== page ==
• Guyana is now being touted as ExxonMobil’s leading strategic investment. In essence that is why ExxonMobil and its consortium have frontloaded the contract costs and the reimbursements. Guyana is now viewed as ExxonMobil’s leading cash cow.
  • Yet because the long established hydrocarbon classification system has now been superceded by the IEA’s climate scenarios,  this will downgrade considerably the value of Guyana’s deepwater oil and gas assets with the fear of being reduced to stranded assets.

Conclusions

The present situation could grant  the Government of Guyana a position of strength perhaps leading to major contract revisions  or perhaps even pushing  the government to declare the present contract a basis for force majeure

Needless to say, with the Stabroek Block held 75% by American oil companies, ExxonMobil and Hess Corporation, and 25% by one of the largest national oil companies of China, such a move could cause consternation in Washington and Beijing.

The Government of Guyana does not at the present time  have the  technical and financial expertise to properly act on behalf of its people or guard its public oil and gas interests.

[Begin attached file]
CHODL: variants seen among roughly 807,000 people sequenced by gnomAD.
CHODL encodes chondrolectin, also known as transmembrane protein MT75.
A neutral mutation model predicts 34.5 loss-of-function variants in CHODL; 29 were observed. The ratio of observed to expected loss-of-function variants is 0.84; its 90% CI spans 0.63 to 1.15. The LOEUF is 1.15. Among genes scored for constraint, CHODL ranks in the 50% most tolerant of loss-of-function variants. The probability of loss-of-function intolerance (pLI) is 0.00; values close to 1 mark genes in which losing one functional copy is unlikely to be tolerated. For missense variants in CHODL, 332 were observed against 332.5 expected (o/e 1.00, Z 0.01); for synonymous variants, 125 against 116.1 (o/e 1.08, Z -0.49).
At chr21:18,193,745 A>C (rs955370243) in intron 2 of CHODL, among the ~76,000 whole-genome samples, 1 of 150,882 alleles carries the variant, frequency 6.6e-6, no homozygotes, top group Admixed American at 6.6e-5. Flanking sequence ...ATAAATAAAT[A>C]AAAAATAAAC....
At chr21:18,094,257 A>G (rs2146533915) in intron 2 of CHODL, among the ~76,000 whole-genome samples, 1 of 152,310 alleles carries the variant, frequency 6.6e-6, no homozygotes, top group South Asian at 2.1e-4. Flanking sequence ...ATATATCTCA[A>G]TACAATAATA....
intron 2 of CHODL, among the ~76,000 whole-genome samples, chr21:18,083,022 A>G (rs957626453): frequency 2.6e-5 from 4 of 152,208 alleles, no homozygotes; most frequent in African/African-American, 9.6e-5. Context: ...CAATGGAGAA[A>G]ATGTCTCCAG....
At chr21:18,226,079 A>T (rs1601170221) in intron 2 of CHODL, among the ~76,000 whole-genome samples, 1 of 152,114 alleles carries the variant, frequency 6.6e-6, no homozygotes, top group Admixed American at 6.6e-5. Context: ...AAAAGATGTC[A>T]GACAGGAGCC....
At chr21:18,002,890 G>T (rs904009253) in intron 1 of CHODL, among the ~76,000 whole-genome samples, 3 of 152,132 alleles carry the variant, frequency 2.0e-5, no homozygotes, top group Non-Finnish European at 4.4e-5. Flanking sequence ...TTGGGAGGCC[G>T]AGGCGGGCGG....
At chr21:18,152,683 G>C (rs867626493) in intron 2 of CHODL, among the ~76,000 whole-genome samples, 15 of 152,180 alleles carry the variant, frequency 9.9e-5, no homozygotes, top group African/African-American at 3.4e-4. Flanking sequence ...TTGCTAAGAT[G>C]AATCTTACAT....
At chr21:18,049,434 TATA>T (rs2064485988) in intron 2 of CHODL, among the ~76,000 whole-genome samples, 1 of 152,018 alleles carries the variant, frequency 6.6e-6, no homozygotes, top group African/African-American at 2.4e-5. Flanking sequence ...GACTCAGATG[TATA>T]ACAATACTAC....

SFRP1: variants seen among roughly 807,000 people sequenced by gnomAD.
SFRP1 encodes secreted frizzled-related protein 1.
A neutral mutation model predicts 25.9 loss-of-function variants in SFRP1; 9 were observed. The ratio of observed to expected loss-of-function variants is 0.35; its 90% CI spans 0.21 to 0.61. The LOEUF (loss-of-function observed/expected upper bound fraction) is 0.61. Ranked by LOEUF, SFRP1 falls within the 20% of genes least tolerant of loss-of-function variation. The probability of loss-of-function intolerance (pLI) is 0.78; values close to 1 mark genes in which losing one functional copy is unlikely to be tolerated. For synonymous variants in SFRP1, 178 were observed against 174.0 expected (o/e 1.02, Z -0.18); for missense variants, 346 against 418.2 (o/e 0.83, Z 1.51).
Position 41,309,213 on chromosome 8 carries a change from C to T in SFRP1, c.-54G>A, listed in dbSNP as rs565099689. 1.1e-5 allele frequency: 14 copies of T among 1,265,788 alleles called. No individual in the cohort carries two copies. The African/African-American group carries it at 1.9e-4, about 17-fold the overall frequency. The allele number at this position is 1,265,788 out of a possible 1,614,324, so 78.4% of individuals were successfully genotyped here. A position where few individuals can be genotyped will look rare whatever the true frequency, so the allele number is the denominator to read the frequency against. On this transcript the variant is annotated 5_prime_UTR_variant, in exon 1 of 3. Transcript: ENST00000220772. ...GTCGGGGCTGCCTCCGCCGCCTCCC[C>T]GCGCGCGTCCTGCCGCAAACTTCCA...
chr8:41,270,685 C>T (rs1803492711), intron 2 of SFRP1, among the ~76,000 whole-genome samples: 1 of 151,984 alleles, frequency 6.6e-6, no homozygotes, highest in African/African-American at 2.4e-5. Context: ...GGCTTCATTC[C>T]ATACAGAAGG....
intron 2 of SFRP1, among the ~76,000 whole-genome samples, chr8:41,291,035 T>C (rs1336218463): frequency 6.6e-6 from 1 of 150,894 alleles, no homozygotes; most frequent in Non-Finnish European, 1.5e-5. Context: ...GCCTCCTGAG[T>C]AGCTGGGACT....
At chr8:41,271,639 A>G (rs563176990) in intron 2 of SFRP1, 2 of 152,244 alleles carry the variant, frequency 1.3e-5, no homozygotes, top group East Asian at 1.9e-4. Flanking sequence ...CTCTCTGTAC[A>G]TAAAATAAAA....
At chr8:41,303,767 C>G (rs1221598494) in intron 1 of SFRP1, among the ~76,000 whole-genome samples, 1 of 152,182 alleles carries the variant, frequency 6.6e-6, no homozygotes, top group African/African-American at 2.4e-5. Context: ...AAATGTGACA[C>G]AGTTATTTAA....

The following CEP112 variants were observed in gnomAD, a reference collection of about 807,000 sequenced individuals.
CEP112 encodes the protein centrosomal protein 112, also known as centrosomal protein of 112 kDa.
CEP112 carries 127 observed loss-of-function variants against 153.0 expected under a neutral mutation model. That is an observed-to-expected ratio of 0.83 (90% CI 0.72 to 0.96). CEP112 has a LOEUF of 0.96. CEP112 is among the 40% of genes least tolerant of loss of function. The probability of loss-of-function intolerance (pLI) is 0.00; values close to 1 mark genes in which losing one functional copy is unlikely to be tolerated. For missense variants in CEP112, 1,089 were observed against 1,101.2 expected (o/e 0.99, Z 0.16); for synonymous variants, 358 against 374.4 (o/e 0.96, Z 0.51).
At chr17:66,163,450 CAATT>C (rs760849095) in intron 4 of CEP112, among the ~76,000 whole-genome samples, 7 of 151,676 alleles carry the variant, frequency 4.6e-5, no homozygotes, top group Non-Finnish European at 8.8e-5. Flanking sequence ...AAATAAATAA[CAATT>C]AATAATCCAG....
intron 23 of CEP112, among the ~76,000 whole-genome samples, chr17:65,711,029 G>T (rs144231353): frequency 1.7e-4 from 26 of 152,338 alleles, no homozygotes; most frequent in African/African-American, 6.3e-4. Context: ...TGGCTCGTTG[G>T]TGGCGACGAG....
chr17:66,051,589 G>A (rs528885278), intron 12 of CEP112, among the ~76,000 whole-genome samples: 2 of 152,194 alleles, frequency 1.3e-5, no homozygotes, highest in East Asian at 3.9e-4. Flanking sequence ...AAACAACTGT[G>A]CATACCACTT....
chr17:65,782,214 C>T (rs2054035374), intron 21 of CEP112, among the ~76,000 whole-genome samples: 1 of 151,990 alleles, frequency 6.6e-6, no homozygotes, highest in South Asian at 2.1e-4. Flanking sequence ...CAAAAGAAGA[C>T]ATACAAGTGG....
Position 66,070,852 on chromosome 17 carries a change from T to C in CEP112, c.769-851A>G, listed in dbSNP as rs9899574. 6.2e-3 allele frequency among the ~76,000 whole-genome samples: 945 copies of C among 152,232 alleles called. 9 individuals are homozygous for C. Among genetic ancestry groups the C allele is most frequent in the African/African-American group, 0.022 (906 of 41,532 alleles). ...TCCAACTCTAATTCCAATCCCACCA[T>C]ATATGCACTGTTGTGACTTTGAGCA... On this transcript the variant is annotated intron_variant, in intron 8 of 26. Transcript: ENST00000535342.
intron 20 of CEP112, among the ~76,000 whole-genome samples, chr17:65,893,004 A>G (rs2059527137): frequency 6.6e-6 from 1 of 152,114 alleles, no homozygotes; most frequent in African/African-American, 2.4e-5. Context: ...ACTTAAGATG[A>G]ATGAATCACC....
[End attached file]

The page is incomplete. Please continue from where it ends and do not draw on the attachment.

A Final Warning

Post-Paris Climate Agreement, those companies who have developed a green scenario, a Plan B, and who use such a plan to butress up their reserve count will have the resilence to develop deepwater projects and make them bankable. This could prove to be most invaluable.

Ignoring the Paris Climate Agreement, signed in 2015, is dangerous for oil companies and their investors.  The importance of the Paris Accord is reconfirmed by the latest news coming out of Washington that President-elect Joe Biden is reportedly planning to issue executive orders to quickly reverse some Trump measures, such as Trump’s exiting of the Paris Climate Accord, as soon as Biden takes office in January.

Look to players such as TOTAL, now working in deepwater Suriname, to jump into neighbouring Guyana if ExxonMobil begins to flounder.

Equinor and even Shell could also become  potential partners.